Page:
The Batu Caves earns a spot here because it combines history, nature, and culture all in one. I also contend that in the nature arena, this place is unique because you don't usually see huge limestone caves like this in Southeast Asia. It is a bit special culturally as well in that these caves house one of the largest and most popular Hindu shrines outside of India. There are some cool animals running around including the usual suspects like macaque monkeys (veteran Asia travelers know that there is no escape from these mischievous guys) and more rarely seen creatures like kooky looking spiders and fruit bats. Much like Kuala Lumpur itself, be prepared for the many scammers that lurk around and prey on the newbie tourists like a fruit bat on - uhh - fruit.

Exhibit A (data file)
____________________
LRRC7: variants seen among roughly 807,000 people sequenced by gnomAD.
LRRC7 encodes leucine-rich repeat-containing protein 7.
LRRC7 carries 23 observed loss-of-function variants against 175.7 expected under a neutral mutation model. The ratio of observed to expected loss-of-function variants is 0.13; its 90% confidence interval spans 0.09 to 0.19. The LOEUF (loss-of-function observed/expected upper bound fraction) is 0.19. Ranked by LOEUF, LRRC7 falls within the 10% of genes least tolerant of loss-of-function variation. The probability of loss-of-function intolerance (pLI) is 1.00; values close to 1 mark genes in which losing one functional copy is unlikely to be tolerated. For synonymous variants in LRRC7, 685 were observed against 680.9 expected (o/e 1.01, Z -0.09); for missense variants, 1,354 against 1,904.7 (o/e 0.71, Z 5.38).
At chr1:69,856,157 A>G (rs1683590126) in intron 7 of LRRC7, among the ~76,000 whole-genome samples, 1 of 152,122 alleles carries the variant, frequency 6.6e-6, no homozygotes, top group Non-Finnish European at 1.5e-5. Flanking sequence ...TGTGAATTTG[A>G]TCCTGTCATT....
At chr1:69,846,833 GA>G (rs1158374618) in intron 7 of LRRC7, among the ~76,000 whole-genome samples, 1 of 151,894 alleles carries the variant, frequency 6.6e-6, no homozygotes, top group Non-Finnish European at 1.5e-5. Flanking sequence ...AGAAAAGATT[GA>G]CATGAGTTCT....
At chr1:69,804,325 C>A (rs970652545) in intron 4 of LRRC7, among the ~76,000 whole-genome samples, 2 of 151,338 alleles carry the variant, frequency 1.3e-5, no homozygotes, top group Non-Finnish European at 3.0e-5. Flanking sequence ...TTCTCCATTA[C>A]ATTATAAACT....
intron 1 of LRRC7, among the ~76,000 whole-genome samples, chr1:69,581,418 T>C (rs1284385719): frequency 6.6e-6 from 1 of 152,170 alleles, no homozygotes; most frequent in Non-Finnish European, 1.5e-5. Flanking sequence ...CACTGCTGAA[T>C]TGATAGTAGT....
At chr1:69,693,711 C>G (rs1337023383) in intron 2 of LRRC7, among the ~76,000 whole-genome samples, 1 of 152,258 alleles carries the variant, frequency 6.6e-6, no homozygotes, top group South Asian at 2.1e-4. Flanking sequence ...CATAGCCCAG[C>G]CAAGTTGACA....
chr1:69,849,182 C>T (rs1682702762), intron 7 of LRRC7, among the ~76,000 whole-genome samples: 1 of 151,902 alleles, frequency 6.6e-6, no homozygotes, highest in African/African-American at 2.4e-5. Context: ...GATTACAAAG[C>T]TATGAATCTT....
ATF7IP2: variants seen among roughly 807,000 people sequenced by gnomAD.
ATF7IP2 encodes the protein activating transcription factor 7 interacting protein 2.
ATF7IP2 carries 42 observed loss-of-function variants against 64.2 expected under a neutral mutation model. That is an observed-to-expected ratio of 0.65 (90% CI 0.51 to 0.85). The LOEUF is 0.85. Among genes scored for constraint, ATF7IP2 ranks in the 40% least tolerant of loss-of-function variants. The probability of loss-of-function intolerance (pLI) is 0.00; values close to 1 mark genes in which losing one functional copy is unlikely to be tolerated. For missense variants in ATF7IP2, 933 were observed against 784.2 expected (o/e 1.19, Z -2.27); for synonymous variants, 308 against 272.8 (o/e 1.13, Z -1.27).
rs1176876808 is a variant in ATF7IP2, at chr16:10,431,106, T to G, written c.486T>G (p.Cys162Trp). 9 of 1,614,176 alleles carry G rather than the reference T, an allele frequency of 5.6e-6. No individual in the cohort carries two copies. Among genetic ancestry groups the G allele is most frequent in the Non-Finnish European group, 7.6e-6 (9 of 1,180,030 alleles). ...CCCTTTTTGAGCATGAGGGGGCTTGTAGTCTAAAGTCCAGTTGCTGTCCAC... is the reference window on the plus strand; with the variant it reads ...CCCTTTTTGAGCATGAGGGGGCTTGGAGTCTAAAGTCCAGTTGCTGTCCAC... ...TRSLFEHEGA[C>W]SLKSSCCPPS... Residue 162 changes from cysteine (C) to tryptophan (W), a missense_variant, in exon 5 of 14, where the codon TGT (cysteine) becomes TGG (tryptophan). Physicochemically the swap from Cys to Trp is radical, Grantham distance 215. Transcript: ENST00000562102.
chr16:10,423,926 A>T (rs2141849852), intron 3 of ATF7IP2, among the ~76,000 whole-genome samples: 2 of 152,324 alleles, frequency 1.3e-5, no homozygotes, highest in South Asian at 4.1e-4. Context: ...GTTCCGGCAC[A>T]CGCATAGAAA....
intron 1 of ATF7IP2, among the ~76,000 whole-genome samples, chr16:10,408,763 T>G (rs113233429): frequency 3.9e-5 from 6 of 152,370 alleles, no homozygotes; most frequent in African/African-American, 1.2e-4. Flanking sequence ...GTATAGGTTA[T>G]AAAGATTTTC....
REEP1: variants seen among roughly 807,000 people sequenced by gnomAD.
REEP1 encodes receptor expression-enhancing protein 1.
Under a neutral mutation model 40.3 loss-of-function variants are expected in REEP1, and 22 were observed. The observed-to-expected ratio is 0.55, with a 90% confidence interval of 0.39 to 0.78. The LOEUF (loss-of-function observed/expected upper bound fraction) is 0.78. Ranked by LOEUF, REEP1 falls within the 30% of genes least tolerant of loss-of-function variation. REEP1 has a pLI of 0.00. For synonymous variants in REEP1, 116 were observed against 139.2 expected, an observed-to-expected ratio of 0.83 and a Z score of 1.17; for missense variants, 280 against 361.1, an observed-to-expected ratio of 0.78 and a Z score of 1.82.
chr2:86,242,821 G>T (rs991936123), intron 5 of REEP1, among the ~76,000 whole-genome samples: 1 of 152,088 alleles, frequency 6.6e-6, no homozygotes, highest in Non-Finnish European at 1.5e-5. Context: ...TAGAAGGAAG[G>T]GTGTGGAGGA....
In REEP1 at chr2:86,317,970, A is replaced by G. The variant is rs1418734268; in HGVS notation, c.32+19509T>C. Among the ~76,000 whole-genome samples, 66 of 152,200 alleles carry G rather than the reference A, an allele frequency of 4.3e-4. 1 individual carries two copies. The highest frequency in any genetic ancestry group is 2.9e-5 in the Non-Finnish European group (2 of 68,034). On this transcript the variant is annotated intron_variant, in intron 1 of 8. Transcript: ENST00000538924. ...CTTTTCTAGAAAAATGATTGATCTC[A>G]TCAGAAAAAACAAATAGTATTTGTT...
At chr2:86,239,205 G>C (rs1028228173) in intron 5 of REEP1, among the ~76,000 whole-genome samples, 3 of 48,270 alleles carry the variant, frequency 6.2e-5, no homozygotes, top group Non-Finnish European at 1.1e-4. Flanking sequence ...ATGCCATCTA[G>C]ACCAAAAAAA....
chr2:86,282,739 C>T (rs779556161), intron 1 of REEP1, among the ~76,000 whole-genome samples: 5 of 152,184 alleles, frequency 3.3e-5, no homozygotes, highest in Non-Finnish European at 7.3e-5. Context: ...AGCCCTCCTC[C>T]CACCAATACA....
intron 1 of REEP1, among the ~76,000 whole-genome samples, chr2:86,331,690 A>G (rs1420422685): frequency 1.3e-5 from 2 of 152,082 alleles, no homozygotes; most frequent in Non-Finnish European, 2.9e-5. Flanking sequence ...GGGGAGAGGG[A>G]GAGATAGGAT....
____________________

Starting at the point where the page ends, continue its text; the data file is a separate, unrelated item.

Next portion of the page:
Nha Trang's clean beaches are surrounded by picturesque mountains and is overall a great area for chillin' and/or watersports, but this isn't too hard to find in Asia and not why I felt compelled to put it on the list. You know how the baseball movie "Moneyball" shined a light on undervalued statistics such as highest "slugging percentage" and most "defensive runs saved"? Well Nha Trang leads Asia's beach resort cities in least "annoying tourist percentage" and most "seafood bill dollars saved". I've heard there are scammers abound near the beach, but in my couple of visits I never saw any and very much enjoyed my strolls along the water. Many hotels and resorts are on the beach, so accessibility isn't a problem.
-= Cultural, arts, resorts, bars/restaurants, shopping and/or otherwise intriguing spots =-
"I haven't been Everywhere, but it's on my list."-Susan Sontag